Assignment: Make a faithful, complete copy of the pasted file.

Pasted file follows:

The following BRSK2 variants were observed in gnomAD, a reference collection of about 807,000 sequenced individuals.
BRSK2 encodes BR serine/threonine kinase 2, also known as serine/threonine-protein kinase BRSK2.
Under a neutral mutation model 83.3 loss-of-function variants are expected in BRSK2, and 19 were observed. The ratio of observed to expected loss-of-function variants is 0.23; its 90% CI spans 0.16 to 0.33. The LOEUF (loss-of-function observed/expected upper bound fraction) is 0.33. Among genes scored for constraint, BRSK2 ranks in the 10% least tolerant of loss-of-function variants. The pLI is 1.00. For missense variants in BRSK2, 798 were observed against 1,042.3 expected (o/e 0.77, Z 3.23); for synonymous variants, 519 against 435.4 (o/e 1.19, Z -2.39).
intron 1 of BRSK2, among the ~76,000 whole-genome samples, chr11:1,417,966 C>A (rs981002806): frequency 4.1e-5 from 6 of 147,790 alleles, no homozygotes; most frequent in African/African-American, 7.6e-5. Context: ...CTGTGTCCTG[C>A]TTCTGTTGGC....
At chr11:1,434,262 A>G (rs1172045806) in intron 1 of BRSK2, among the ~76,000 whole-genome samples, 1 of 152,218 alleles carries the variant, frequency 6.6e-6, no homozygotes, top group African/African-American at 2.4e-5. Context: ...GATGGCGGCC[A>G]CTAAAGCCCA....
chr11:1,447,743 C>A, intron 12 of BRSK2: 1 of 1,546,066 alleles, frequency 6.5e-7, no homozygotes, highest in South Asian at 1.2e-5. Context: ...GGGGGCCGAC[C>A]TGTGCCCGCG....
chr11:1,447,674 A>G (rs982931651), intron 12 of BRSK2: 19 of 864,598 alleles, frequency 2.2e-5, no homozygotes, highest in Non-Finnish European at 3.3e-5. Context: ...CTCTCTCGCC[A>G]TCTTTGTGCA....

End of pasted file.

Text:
The following BRSK2 variants were observed in gnomAD, a reference collection of about 807,000 sequenced individuals.
BRSK2 encodes BR serine/threonine kinase 2, also known as serine/threonine-protein kinase BRSK2.
Under a neutral mutation model 83.3 loss-of-function variants are expected in BRSK2, and 19 were observed. The ratio of observed to expected loss-of-function variants is 0.23; its 90% CI spans 0.16 to 0.33. The LOEUF (loss-of-function observed/expected upper bound fraction) is 0.33. Among genes scored for constraint, BRSK2 ranks in the 10% least tolerant of loss-of-function variants. The pLI is 1.00. For missense variants in BRSK2, 798 were observed against 1,042.3 expected (o/e 0.77, Z 3.23); for synonymous variants, 519 against 435.4 (o/e 1.19, Z -2.39).
intron 1 of BRSK2, among the ~76,000 whole-genome samples, chr11:1,417,966 C>A (rs981002806): frequency 4.1e-5 from 6 of 147,790 alleles, no homozygotes; most frequent in African/African-American, 7.6e-5. Context: ...CTGTGTCCTG[C>A]TTCTGTTGGC....
At chr11:1,434,262 A>G (rs1172045806) in intron 1 of BRSK2, among the ~76,000 whole-genome samples, 1 of 152,218 alleles carries the variant, frequency 6.6e-6, no homozygotes, top group African/African-American at 2.4e-5. Context: ...GATGGCGGCC[A>G]CTAAAGCCCA....
chr11:1,447,743 C>A, intron 12 of BRSK2: 1 of 1,546,066 alleles, frequency 6.5e-7, no homozygotes, highest in South Asian at 1.2e-5. Context: ...GGGGGCCGAC[C>A]TGTGCCCGCG....
chr11:1,447,674 A>G (rs982931651), intron 12 of BRSK2: 19 of 864,598 alleles, frequency 2.2e-5, no homozygotes, highest in Non-Finnish European at 3.3e-5. Context: ...CTCTCTCGCC[A>G]TCTTTGTGCA....